The origin of Earth’s water is an open question. We are trying to constrain the origin of Earth’s water by measuring the D/H ratios of glass inclusions inside olivine grains from lavas erupted at the Hawaiian and Icelandic hot spots. The hope is that these glass inclusions retain hydrogen from the deep mantle of the Earth, hydrogen that may preserve the original hydrogen isotopic composition of the Earth.

  • Amino Acid Alphabet Evolution

    All life on earth uses a standard “alphabet” of just 20 amino acids. Members of this alphabet links together into different sequences to form proteins that then interact to produce living metabolism (rather like the English of 26 letters can be linked into words that interact in sentences and paragraphs to produce meaningful writing). However, a wealth of scientific research from diverse disciplines points to the idea that many other amino acids are made by non-biological processes throughout the universe: put simply, we have no idea why life has “chosen” the members of its standard alphabet. Our project seeks to gather and organize the disparate information that describes these non-biological amino acids, to understand their properties and potential for making proteins and thus to understand better whether the biology that we know is a clever, predictable solution to making biology – or just one of countless possible solutions that may exist elsewhere.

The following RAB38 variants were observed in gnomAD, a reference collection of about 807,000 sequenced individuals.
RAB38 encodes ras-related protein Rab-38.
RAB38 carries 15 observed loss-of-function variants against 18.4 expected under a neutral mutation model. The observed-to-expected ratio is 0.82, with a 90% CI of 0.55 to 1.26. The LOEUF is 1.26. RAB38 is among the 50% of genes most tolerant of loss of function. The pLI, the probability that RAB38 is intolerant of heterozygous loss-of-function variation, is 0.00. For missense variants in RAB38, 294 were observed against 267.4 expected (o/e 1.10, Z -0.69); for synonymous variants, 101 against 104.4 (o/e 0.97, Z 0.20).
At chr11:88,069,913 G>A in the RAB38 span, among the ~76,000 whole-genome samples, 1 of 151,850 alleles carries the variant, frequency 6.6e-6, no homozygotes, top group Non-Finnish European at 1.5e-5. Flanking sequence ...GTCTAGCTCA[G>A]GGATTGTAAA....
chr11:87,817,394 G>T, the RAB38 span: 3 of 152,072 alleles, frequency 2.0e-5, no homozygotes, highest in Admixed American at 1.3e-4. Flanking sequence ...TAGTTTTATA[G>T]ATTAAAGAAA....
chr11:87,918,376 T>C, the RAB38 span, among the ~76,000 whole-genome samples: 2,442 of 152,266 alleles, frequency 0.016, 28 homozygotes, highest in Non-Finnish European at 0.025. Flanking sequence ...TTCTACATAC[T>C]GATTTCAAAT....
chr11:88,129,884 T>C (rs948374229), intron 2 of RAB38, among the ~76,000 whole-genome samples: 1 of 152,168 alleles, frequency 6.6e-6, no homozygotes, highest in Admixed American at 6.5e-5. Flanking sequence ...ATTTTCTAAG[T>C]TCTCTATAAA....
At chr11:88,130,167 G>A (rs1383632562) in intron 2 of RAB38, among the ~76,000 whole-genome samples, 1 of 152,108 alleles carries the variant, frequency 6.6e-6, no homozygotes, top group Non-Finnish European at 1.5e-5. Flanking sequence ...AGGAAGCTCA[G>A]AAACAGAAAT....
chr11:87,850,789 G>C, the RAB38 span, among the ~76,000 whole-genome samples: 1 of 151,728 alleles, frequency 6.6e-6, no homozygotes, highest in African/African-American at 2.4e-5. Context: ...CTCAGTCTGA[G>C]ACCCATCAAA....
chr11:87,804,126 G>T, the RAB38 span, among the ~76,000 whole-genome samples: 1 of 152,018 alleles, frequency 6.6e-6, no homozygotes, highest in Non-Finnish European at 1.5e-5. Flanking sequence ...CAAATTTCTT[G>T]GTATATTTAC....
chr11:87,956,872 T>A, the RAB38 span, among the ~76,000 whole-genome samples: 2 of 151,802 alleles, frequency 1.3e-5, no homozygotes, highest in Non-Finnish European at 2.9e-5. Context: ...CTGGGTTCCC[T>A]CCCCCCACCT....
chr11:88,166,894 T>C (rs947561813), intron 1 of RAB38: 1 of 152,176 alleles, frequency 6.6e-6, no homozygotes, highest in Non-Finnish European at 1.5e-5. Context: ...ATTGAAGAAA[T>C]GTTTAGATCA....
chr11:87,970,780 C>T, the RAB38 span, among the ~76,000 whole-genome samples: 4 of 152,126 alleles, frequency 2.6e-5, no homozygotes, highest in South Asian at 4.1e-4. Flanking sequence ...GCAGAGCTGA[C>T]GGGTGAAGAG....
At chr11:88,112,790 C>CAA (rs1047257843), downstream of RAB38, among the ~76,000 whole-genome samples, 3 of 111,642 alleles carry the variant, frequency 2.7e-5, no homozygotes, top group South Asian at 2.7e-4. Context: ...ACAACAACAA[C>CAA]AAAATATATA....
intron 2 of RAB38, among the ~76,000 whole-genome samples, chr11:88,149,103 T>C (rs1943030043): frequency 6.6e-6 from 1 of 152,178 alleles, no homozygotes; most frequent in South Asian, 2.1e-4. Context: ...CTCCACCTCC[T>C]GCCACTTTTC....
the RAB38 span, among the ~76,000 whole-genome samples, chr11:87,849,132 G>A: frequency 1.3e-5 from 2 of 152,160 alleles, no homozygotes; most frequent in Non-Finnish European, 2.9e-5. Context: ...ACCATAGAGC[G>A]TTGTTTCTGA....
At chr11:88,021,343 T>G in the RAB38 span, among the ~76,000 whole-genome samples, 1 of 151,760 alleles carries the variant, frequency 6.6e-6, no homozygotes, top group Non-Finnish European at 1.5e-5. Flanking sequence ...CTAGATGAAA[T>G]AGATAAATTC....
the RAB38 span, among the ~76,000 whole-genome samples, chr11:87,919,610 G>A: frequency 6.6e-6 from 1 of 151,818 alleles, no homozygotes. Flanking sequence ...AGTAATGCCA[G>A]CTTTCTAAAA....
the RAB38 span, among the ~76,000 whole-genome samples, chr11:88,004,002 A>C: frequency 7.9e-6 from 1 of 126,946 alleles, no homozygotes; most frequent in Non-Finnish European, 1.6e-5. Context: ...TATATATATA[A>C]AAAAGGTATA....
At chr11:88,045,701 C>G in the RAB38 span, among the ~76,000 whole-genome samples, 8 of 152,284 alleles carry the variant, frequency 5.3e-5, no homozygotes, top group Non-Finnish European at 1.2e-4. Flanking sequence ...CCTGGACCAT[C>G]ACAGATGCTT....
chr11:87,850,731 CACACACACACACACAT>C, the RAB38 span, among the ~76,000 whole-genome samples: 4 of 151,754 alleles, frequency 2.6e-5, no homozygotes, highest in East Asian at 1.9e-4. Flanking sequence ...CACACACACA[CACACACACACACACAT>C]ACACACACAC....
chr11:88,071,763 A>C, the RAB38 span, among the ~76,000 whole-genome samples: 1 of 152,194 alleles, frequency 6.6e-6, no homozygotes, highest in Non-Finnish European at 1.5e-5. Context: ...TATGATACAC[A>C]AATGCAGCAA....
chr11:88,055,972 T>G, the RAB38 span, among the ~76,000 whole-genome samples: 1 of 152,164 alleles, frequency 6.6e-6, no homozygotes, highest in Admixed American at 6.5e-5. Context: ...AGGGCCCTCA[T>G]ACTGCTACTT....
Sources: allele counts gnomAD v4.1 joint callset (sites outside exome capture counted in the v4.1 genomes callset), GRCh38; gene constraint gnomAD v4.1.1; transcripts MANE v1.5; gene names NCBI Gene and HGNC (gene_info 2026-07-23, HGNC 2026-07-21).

ROADMAP OBJECTIVES: 1.1 3.1 3.2 3.4 4.1 4.3 5.1 5.3 6.2 7.1 7.2
  • CASS Planning

    The computational astrobiology summer school (CASS) is a two week program, followed by a semester of mentored independent work, which has the following goals:

    - To introduce computer science and engineering (CS&E) graduate students to the field of astrobiology, – To introduce astrobiologists to the tools and techniques that current methods in CS&E can provide, and – To encourage interdisciplinary projects that will result in advances in astrobiology.

    ROADMAP OBJECTIVES: 1.1 1.2 2.1 2.2 3.1 3.2 3.3 3.4 4.1 4.2 4.3 5.1 5.2 5.3 6.1 6.2 7.1 7.2
  • Lau Basin Cruise